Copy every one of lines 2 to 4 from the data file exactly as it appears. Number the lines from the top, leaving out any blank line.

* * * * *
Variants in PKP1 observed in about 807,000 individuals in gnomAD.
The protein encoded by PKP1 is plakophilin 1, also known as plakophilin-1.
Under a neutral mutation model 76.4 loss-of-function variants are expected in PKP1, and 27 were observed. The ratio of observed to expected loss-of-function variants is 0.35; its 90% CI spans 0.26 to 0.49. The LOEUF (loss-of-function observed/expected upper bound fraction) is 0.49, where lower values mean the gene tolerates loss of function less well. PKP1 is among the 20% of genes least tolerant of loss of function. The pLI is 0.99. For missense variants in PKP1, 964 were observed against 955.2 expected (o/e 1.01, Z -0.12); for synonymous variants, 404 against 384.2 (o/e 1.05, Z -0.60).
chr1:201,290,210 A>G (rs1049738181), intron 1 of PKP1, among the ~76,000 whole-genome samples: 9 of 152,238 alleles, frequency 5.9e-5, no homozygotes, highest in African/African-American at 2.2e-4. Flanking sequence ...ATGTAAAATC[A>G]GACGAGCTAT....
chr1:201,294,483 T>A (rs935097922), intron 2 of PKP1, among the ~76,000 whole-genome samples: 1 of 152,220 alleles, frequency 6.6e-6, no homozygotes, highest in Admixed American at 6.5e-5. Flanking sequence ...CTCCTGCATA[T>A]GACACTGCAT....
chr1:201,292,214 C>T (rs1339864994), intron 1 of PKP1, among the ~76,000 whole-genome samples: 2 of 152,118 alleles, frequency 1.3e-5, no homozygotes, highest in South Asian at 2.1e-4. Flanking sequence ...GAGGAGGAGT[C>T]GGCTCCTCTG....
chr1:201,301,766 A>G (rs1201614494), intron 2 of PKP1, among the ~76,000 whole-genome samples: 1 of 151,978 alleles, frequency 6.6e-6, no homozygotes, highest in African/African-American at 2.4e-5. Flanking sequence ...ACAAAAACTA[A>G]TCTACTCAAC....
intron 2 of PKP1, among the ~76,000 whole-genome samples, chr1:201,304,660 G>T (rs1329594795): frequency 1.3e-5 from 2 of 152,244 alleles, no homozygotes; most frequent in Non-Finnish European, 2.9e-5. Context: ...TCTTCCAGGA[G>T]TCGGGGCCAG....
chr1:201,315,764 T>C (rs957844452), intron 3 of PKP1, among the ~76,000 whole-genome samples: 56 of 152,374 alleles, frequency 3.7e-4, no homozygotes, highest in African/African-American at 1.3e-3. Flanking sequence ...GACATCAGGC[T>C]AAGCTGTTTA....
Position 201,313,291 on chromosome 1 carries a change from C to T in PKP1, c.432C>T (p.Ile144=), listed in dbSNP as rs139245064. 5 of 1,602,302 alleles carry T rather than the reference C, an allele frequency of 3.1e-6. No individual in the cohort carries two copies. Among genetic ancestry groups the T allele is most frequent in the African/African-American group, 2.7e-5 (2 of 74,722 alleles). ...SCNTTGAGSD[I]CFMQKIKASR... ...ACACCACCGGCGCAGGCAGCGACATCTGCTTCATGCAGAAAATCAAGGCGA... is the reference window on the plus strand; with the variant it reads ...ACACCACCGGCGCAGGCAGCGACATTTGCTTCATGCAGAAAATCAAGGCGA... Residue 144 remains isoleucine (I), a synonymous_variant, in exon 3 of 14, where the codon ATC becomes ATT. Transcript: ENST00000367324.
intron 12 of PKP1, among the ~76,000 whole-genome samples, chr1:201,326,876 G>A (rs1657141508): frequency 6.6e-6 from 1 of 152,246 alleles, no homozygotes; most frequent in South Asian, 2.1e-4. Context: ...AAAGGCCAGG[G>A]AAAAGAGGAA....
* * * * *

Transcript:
The protein encoded by PKP1 is plakophilin 1, also known as plakophilin-1.
Under a neutral mutation model 76.4 loss-of-function variants are expected in PKP1, and 27 were observed. The ratio of observed to expected loss-of-function variants is 0.35; its 90% CI spans 0.26 to 0.49. The LOEUF (loss-of-function observed/expected upper bound fraction) is 0.49, where lower values mean the gene tolerates loss of function less well. PKP1 is among the 20% of genes least tolerant of loss of function. The pLI is 0.99. For missense variants in PKP1, 964 were observed against 955.2 expected (o/e 1.01, Z -0.12); for synonymous variants, 404 against 384.2 (o/e 1.05, Z -0.60).
chr1:201,290,210 A>G (rs1049738181), intron 1 of PKP1, among the ~76,000 whole-genome samples: 9 of 152,238 alleles, frequency 5.9e-5, no homozygotes, highest in African/African-American at 2.2e-4. Flanking sequence ...ATGTAAAATC[A>G]GACGAGCTAT....